Do you want to advocate to allow the marriage of young children and start a democratic discussion about it? Or do you want to host a community of consenting adults believing in a family arrangements in which the man is the lead of the woman and providing practical life advice including how to spank your wife? You'll spend your life wondering when your registrar will take your website down. And these topics really are just examples.

I have seen countless websites disappear (and forums where activists organize themselves to pressure registrars). If you confront them and put them in a corner, they admit that they are censoring just because they do not agree, but they invoke the notion of "higher social interest", and "the ends justify the means", and in essence "this is a holy war, they will be collateral damages but we need to prevent irresponsible speech" (which really is the new way to justify intolerance - a very sickening rhetoric).

For example with the example of wife spanking among consenting adults (there is not even a knowledge asymmetry between the woman and the man in these communities, the methods and psychology behind this arrangement is discussed openly, and they actually choose this lifestyle because they want the psychological outcomes - they want to program themselves at a subconscious level so to speak. This is totally consensual), I know that many people here think that only a vulnerable and exploited woman could agree with that. And I could point you to women advocating for this, and even animating YouTube channels about it - that may be taken down anytime. And this was only to provide a graphic example, but this not limited to this category of topic.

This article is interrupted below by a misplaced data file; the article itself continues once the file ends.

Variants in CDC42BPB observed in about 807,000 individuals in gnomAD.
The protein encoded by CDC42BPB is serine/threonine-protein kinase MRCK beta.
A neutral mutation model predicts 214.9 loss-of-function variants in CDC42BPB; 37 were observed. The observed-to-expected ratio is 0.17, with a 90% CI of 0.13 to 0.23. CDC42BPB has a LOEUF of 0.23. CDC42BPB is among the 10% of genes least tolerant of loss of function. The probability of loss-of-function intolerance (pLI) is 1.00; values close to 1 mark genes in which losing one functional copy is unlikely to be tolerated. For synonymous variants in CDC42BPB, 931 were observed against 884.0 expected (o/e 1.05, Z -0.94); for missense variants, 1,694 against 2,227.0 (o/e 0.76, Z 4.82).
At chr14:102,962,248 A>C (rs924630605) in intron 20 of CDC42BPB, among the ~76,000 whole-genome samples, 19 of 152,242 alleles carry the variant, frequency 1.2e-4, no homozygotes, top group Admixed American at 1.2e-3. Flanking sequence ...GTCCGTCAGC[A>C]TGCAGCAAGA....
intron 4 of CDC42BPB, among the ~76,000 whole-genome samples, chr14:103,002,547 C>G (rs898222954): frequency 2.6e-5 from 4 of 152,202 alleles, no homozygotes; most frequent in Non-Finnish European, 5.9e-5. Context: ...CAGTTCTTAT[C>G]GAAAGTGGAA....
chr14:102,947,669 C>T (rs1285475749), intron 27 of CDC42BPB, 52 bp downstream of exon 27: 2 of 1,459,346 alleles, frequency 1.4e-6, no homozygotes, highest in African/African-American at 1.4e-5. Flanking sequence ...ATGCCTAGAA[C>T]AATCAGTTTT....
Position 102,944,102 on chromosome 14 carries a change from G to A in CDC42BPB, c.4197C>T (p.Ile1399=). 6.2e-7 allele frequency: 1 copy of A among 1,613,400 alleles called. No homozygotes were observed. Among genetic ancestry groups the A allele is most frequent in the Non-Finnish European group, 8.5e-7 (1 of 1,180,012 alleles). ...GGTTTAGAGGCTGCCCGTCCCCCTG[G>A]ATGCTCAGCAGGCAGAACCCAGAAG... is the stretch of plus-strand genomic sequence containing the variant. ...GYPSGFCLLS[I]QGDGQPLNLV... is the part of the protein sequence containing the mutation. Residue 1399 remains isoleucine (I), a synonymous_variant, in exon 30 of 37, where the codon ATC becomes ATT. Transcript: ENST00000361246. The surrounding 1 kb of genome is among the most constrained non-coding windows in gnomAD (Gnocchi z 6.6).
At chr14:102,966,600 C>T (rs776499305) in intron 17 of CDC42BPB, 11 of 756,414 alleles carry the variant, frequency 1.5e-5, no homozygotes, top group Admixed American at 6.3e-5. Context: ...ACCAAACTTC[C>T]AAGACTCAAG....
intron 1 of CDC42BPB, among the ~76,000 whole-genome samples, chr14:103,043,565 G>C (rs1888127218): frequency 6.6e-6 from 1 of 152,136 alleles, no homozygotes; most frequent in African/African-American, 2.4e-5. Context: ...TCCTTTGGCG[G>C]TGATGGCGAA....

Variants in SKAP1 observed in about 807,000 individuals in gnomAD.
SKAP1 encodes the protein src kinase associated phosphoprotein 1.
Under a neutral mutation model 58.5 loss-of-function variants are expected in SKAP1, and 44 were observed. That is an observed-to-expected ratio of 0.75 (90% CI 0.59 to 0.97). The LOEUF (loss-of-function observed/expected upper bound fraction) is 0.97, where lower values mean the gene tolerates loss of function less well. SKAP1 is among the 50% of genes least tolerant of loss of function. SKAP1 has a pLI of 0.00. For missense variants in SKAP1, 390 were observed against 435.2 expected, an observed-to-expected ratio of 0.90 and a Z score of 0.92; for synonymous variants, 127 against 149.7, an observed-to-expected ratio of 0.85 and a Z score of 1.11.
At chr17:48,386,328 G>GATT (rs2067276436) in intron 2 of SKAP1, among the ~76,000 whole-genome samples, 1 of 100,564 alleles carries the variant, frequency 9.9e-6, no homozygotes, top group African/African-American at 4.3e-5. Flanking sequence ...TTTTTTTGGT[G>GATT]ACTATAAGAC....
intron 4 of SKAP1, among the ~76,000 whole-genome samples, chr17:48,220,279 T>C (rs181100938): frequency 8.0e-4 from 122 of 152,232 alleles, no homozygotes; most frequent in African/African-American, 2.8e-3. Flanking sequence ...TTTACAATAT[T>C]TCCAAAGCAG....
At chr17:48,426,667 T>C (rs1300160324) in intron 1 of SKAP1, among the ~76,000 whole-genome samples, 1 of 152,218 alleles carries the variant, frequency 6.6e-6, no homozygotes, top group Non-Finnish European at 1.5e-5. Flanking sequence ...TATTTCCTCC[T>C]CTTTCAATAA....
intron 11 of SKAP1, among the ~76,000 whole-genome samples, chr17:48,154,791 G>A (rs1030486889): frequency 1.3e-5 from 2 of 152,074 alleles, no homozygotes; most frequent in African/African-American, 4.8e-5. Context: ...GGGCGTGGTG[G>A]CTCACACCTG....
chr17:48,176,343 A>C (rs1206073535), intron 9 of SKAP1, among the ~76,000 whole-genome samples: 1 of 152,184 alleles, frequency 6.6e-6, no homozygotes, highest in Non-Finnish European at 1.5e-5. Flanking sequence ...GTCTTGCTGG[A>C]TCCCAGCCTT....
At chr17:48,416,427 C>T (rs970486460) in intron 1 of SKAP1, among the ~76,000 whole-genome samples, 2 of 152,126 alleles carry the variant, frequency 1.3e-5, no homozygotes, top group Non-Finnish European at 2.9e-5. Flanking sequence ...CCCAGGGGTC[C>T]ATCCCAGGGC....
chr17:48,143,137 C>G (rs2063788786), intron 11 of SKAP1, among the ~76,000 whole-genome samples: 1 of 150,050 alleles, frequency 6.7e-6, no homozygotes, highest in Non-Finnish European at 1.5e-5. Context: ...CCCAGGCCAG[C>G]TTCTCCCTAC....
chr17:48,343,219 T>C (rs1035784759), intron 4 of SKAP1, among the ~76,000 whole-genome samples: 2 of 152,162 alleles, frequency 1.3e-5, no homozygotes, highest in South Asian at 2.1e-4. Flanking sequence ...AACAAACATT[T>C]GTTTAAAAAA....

My point is that every majority begins with a minority, and like-minded people, not hating anyone and not propagating hate should be free to live freely even if they lifestyle and values are sickening for some people.

Not so long we tries to look for a registrar who not having vague TOS allowing to them to take down your website if their disagree with the content. Wording providing them large flexibility to censor. After over 1 week of research, we have only found one. But even this was actually based in a country where a legal action can easily be taken to force them to terminate service. Ironically, we then looked into Russia and we found that hosting there would be our best option if the situation gets heated, because of the politics between them and the West. When it gets to that point, you know something is wrong.

The reality is the internet is very censored. Extremely censored nowadays, but there is a lot of propaganda going on to justify this environment. People enjoy censorship until they are the ones being censored. It is like religion, people love seeing they opinion win and others be destroyed. 90% of people happily close their eyes if they opinion and interests are the ones being unfairly and oppressively favored. Handshake is solving a real and serious problem much deeper than what you and most people understand. Handshake is absolutely needed and the problem they solve is REAL, very real and very serious.